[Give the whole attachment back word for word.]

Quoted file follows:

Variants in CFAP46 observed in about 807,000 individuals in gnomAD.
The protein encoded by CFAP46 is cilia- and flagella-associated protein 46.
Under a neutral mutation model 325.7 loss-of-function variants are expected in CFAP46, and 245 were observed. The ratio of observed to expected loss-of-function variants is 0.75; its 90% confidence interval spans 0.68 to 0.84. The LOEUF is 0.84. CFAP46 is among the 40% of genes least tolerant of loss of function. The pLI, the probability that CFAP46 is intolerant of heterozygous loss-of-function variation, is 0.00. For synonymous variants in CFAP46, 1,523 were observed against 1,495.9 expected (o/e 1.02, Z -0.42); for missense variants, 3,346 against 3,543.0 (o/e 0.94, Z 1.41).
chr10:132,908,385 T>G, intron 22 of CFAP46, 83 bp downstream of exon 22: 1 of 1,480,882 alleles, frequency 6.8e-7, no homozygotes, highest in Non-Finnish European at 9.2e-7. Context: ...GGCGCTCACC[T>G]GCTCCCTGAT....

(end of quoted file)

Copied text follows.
Variants in CFAP46 observed in about 807,000 individuals in gnomAD.
The protein encoded by CFAP46 is cilia- and flagella-associated protein 46.
Under a neutral mutation model 325.7 loss-of-function variants are expected in CFAP46, and 245 were observed. The ratio of observed to expected loss-of-function variants is 0.75; its 90% confidence interval spans 0.68 to 0.84. The LOEUF is 0.84. CFAP46 is among the 40% of genes least tolerant of loss of function. The pLI, the probability that CFAP46 is intolerant of heterozygous loss-of-function variation, is 0.00. For synonymous variants in CFAP46, 1,523 were observed against 1,495.9 expected (o/e 1.02, Z -0.42); for missense variants, 3,346 against 3,543.0 (o/e 0.94, Z 1.41).
chr10:132,908,385 T>G, intron 22 of CFAP46, 83 bp downstream of exon 22: 1 of 1,480,882 alleles, frequency 6.8e-7, no homozygotes, highest in Non-Finnish European at 9.2e-7. Context: ...GGCGCTCACC[T>G]GCTCCCTGAT....